adding them the attacker can cause Denial Of Service attacks. By

T. Kivinen, et. al.                                             [page 9]

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   modifying the NAT-D packets the attacker can cause both ends to use
   UDP-Encapsulated modes instead of directly using tunnel or transport
   mode, thus wasting some bandwidth.

o  The sending of the original source address in the Quick Mode reveals
   the internal IP address behind the NAT to the other end. In this case
   we have already authenticated the other end, and sending of the
   original source address is only needed in transport mode.

o  Updating the IKE SA / ESP UDP encapsulation IP addresses and ports
   for each valid authenticated packet can cause DoS in case we have
   attacker who can listen all traffic in the network, and can change
   the order of the packet and inject new packets before the packet he
   has already seen. I.e attacker can take the authenticated packet from
   the host behind NAT, change the packet UDP source or destination
   ports or IP addresses and sent it out to the other end before the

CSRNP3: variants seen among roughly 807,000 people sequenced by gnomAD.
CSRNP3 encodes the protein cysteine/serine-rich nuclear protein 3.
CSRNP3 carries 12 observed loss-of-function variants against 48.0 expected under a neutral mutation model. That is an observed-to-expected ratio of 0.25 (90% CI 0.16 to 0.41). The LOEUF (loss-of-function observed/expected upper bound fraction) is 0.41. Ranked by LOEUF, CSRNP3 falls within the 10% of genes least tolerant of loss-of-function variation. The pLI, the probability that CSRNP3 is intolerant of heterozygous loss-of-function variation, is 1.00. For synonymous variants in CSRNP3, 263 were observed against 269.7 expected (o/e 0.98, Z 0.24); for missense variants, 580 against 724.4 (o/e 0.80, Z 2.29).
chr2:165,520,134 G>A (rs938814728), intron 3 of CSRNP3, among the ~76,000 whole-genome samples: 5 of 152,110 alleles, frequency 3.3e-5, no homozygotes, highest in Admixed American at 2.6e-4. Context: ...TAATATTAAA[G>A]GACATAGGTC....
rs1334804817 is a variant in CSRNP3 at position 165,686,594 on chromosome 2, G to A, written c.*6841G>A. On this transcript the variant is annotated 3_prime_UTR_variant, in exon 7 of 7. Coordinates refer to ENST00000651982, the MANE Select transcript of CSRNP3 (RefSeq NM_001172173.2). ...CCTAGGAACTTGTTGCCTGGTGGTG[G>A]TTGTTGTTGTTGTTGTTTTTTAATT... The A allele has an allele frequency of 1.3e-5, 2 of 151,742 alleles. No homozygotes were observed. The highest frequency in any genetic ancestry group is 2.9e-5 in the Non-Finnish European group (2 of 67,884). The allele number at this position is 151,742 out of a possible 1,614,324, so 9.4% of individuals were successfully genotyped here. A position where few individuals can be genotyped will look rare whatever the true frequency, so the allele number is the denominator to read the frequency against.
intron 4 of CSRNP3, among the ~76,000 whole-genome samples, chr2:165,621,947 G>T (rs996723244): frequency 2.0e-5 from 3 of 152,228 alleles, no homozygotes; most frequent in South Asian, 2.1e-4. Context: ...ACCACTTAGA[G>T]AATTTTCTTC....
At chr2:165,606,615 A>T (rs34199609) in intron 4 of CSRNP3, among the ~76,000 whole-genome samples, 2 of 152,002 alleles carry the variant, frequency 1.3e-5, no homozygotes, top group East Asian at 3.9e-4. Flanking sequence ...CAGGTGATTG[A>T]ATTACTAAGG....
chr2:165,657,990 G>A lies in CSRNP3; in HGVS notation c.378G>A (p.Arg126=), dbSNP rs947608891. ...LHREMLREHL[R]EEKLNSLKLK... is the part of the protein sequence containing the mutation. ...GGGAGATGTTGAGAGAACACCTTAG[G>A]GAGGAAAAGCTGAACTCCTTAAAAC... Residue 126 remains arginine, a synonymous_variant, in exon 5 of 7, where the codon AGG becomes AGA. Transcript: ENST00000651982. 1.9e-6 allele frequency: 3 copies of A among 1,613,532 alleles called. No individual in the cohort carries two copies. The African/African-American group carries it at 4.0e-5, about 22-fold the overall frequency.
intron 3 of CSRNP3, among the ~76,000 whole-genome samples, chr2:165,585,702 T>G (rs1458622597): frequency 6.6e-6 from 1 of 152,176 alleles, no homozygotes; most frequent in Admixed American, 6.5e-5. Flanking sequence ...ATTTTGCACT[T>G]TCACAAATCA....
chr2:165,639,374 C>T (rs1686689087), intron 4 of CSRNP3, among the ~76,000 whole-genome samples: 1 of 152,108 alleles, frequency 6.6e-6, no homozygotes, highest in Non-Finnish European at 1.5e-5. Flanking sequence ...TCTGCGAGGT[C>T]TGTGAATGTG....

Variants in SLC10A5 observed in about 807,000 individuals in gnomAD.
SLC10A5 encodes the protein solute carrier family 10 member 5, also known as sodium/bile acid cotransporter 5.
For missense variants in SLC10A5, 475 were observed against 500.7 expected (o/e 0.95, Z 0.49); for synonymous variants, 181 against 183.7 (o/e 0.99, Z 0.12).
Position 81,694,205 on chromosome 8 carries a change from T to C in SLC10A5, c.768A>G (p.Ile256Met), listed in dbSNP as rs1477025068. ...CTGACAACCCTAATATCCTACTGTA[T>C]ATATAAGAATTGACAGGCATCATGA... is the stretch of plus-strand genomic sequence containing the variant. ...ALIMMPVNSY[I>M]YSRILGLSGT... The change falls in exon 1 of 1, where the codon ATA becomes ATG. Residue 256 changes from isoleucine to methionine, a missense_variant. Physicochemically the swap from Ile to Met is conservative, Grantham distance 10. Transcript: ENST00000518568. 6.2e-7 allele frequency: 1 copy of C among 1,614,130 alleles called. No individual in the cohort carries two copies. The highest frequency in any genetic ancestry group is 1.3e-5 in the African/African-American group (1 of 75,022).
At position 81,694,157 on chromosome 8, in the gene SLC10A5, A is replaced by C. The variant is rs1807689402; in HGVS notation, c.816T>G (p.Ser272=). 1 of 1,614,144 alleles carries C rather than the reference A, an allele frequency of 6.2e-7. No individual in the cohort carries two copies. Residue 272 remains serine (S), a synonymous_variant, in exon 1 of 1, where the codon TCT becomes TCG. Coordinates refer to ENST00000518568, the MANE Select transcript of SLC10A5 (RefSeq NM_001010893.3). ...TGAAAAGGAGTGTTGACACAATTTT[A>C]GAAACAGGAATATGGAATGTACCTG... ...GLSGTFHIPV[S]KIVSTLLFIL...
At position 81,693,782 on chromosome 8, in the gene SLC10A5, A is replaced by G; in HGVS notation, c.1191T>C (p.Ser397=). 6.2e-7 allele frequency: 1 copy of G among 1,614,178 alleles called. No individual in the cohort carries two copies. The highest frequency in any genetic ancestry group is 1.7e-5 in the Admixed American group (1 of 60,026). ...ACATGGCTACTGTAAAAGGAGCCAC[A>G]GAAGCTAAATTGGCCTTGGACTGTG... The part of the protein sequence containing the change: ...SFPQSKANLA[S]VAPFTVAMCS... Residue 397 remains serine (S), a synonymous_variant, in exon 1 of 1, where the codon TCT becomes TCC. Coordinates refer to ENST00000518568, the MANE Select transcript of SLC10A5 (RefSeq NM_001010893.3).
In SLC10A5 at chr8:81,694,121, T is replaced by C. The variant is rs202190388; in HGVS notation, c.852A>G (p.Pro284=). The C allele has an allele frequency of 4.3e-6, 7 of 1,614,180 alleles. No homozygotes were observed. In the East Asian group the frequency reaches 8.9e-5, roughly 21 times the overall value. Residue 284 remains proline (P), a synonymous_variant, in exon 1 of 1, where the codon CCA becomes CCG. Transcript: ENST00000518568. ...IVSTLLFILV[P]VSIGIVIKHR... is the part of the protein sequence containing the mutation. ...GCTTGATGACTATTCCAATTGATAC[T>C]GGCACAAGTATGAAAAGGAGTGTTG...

real packet reaches there. The host not behind the NAT will update
   its IP address and port mapping and sends further traffic to wrong
   host or port. This situation is fixed immediately when the attacker
   stops modifying the packets as the first real packet will fix the
   situation back to normal. Implementations MAY print out warning every
   time the mapping is changed, as in normal case it should not happen
   that often.

9.  Intellectual property rights

The IETF has been notified of intellectual property rights claimed in
regard to some or all of the specification contained in this document.
For more information consult the online list of claimed rights.

SSH Communications Security Corp has notified the working group of one